• Anthropophilic fungi: Anthropophilic fungi have a predilection for the human skin. These are the most common dermatophytes that cause tinea manuum. Some examples include Trichophyton rubrum, Trichophyton interdigitale, and Epidermophyton floccosum. T. rubrum is the most common cause of fungal infections on the human skin.
  • Zoophilic fungi: Zoophilic fungi get transmitted to humans through contact with animals such as pet dogs and cats. Examples include Microsporum canis and Trichophyton verrucosum. Microsporum canis is transmitted through contact with cats and dogs, wheras Trichophyton verrucosum is transmitted through contact with cattle.
  • Geophilic fungi: Fungi causing skin infections can also be transmitted through contact with contaminated soil. Microsporum gypseum is an example of such a fungus.

Risk Factors

Hand fungus can occur in any person. However, it is more likely to be contracted by individuals with the following risk profiles:

  1. Those people who have a pre-existing skin infection are more likely to get hand fungus. This is due to the itchy nature of the fungal skin infections. Scratching the infected body parts could spread the fungus to the hands and the fingers.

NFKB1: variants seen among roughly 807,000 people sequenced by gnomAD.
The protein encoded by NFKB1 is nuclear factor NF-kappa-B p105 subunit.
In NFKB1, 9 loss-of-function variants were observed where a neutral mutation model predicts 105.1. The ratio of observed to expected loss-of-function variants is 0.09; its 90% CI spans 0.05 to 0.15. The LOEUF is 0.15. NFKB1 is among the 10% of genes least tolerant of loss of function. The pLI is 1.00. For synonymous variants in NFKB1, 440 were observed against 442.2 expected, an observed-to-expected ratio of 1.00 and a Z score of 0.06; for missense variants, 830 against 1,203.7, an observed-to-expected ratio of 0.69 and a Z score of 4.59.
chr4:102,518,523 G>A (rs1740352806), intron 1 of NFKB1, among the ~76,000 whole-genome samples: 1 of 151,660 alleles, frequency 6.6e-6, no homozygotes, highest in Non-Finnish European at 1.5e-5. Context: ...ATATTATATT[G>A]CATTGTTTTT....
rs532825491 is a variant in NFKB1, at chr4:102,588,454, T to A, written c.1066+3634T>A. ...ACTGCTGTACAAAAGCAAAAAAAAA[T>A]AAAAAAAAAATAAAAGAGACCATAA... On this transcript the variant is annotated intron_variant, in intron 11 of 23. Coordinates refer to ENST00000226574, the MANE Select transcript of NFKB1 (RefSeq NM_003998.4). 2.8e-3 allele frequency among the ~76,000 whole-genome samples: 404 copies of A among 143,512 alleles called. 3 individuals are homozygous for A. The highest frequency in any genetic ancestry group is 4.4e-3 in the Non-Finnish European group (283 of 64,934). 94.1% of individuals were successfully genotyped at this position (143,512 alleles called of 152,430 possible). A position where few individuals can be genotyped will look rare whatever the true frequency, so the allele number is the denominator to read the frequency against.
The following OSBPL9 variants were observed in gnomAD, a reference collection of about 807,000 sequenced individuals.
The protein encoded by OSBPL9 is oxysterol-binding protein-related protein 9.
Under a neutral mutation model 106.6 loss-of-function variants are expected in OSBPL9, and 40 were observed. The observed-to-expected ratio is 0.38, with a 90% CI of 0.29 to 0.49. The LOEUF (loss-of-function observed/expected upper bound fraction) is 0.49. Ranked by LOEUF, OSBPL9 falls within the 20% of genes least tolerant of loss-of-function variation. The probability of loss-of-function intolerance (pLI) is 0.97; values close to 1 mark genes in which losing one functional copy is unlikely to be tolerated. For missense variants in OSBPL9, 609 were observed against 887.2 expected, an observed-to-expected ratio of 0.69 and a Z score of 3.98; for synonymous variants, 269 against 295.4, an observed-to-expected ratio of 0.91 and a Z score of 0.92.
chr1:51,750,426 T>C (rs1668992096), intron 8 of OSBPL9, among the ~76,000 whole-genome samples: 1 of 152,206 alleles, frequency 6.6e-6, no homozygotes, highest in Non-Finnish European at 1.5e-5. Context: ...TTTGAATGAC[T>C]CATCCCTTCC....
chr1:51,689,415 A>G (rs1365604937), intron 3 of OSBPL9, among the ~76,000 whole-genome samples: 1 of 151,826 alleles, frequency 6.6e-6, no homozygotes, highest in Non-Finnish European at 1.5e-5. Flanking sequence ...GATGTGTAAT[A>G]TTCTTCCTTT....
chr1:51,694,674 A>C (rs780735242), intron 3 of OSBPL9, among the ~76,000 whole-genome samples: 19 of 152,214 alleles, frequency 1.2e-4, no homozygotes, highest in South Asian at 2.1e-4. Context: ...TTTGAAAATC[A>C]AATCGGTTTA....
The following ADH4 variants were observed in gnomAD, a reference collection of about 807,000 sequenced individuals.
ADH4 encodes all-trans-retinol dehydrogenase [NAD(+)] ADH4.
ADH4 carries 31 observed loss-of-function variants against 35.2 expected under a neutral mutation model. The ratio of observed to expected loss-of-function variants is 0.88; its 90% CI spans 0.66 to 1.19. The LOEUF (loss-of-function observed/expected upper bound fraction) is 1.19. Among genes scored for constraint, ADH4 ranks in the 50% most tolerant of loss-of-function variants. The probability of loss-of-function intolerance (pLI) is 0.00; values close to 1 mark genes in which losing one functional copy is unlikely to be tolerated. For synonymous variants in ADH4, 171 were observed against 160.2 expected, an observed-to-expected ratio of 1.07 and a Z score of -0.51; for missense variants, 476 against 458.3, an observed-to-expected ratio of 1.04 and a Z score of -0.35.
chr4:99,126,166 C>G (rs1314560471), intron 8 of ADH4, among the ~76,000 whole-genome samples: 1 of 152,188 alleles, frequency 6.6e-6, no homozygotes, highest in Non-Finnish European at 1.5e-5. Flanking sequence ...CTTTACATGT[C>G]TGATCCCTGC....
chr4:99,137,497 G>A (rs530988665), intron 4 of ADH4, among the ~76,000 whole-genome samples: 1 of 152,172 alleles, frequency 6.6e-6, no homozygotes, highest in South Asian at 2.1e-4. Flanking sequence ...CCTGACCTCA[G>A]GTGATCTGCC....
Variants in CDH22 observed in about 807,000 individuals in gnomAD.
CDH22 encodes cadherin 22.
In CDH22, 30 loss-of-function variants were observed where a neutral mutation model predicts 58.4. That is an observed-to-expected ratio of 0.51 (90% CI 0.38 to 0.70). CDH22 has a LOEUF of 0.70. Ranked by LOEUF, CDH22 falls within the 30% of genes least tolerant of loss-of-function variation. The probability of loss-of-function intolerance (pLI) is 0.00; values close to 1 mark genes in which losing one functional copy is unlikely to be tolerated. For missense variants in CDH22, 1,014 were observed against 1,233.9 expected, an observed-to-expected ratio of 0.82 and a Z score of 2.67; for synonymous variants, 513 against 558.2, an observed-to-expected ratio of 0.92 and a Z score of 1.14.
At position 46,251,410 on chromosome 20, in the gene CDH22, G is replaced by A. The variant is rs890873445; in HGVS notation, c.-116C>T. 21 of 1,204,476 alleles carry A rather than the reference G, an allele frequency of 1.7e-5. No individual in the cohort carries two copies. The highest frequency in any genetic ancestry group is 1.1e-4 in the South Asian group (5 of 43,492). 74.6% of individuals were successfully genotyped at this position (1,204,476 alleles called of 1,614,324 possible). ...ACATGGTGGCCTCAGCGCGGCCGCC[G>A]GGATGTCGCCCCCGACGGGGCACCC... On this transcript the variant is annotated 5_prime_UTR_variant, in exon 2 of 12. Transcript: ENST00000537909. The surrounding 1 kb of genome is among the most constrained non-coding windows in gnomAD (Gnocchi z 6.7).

2. People who are in close contact with already infected persons are more likely to get hand fungus. Sharing of clothes and towels between infected and non-infected individuals is a likely route of transmission.
  3. Individuals who sweat profusely (a condition known as hyperhidrosis) are prone to getting fungal skin infections, including hand fungus.
  4. People who are suffering from other skin diseases such as allergic contact dermatitis are also prone to catching hand fungus. These skin diseases make the skin susceptible to establishment of fungal infections.
  5. Regular and close contact with pets such as cats and dogs also increases the likelihood of getting skin infections, including hand fungus. Children are more susceptible to this risk factor.
  6. Farm workers who come in regular contact with cattle and contaminated soil in the farms are also exposed to the risk of contracting hand fungus.
  7. Gardeners, manual laborers and garbage pickers get exposed regularly to contaminated soil and inanimate objects that could lead to hand fungus.

Diagnosis of Hand Fungus

In most cases, the diagnosis of hand fungus is based on the characteristic appearance of the rash. Other skin conditions that can result in a skin rash with a similar appearance also need to be ruled out. Skin scrapings, fungal cultures and skin biopsy could also be used to determine the characteristics of the hand fungus. One of the tell-tale signs of hand fungus is the presence of identical fungal skin infections on both the feet. In such cases, the hand fungus is more likely to be present on the dominant hand that is used for scratching the feet.

Treatment of Hand Fungus

Anti-fungal medication, either topical or systemic, is the primary treatment for hand fungus. Some topical anti-fungals include clotrimazole, ciclopirox and econazole. Some of the oral anti-fungal medications include fluconazole, griseofulvin and terbinafine. Recurrence of hand fungus can be prevented by treating and managing the underlying predisposing conditions.